Brain Parasite Strips Rodents of Fears of Felines—and So Much More
by Katherine J. Wu/Smithsonianmag.com
Rodents really have it rough. When hit with a Toxoplasma gondii infection, mice don’t just end up with parasites in their brains. They also get weirdly reckless, venturing into scary new environments and brashly investigating the smells of animals they should fear, like cats, foxes and intrusive human researchers, according to a study published this week in Cell Reports.
The feline part of this story has long been known, and often spun into a narrative that’s perhaps made the parasites seem more devious than they really are, reports Kelly Servick for Science magazine. While Toxoplasma spends much of its time hanging out in a wide variety of warm-blooded animals, including rodents and humans, it can only complete the sexually reproductive stage of its life in wild or domestic cats. So when researchers saw infected rats developing a kind of fatal feline attraction, they theorized that Toxoplasma had found a way to hijack the rodent brain and strip it of the singular fear that made them harder to catch and eat—and ingeniously ensuring the parasites’ continued success.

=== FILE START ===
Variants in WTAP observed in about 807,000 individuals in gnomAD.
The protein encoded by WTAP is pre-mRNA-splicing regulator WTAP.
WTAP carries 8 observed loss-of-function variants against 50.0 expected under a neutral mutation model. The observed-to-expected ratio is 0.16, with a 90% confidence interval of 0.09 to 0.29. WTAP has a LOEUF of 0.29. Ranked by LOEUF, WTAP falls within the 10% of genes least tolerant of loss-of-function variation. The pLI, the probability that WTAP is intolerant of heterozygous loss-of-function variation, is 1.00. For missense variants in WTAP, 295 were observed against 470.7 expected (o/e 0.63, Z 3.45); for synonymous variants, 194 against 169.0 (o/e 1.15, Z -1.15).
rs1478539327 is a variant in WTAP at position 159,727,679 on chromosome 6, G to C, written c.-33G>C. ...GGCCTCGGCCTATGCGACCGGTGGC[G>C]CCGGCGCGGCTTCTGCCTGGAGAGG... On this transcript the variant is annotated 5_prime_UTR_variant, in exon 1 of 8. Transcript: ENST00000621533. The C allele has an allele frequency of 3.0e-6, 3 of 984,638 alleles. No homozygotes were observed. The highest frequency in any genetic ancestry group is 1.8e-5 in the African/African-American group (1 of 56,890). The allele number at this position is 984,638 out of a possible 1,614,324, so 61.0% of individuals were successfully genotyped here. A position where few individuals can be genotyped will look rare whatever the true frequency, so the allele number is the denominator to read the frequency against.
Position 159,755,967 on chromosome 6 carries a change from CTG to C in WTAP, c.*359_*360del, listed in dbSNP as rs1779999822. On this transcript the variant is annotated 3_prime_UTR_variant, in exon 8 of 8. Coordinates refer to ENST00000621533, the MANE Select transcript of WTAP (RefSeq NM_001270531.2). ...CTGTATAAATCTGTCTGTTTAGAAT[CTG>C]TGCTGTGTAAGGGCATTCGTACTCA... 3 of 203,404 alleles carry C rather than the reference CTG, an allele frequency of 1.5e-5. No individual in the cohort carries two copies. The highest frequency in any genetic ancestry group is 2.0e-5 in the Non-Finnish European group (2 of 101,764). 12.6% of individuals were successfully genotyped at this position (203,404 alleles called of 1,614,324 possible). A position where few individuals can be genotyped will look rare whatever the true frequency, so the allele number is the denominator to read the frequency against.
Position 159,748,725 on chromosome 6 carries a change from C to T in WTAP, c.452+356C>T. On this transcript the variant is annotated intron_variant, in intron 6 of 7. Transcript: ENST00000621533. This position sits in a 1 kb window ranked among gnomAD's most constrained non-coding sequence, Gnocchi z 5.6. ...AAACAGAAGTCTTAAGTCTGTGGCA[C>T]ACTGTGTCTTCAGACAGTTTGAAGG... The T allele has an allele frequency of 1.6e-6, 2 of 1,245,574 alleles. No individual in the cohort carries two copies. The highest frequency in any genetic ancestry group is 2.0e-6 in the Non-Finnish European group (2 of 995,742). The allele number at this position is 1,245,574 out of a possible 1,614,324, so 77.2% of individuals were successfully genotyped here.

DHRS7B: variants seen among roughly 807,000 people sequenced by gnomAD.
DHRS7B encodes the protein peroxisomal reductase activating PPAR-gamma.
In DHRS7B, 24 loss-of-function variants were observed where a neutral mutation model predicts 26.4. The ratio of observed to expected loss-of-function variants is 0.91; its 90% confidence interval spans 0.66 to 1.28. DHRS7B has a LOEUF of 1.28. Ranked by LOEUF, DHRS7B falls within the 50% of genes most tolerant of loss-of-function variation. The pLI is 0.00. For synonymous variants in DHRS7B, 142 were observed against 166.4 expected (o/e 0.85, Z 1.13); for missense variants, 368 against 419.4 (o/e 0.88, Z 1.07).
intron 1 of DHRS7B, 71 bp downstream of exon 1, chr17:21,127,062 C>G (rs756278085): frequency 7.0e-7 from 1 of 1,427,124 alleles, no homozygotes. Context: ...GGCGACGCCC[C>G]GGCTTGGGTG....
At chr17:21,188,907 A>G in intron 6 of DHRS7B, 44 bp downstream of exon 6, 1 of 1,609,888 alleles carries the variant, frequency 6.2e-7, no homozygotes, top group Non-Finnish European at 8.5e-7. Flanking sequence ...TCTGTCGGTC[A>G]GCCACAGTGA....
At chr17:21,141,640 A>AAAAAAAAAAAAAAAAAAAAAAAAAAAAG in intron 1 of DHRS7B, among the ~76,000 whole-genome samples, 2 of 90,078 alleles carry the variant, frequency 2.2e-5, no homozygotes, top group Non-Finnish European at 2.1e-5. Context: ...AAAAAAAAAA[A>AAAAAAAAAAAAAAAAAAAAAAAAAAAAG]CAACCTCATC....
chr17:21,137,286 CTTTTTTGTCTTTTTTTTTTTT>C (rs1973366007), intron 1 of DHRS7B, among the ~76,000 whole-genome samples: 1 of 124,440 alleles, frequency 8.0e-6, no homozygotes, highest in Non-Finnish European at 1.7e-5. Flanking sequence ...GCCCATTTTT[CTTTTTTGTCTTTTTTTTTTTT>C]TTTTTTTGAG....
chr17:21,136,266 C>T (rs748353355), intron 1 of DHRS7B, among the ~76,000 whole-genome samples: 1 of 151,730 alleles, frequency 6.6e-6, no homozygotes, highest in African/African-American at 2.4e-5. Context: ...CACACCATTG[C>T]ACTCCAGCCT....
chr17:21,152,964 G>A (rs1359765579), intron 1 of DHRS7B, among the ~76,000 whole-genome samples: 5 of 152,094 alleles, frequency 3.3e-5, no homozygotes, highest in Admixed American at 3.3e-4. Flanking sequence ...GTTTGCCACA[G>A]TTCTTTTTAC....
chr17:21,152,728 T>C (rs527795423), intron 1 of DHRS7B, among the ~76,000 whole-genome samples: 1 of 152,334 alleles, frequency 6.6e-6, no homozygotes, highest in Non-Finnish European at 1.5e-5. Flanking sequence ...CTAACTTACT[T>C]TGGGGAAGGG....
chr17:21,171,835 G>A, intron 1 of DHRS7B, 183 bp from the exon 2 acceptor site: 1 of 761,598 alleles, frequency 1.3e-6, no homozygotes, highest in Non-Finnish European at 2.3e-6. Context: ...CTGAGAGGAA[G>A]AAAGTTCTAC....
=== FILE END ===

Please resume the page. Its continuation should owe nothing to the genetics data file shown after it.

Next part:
Carol graduated from Riverside White Cross School of Nursing in Columbus, Ohio and received her diploma as a registered nurse. She attended Bowling Green State University where she received a Bachelor of Arts Degree in History and Literature. She attended the University of Toledo, College of Nursing, and received a Master’s of Nursing Science Degree as an Educator.
She has traveled extensively, is a photographer, and writes on medical issues. Carol has three children RJ, Katherine, and Stephen – one daughter-in-law; Katie – two granddaughters; Isabella Marianna and Zoe Olivia – and one grandson, Alexander Paul. She also shares her life with her husband Gordon Duff, many cats, and two rescues.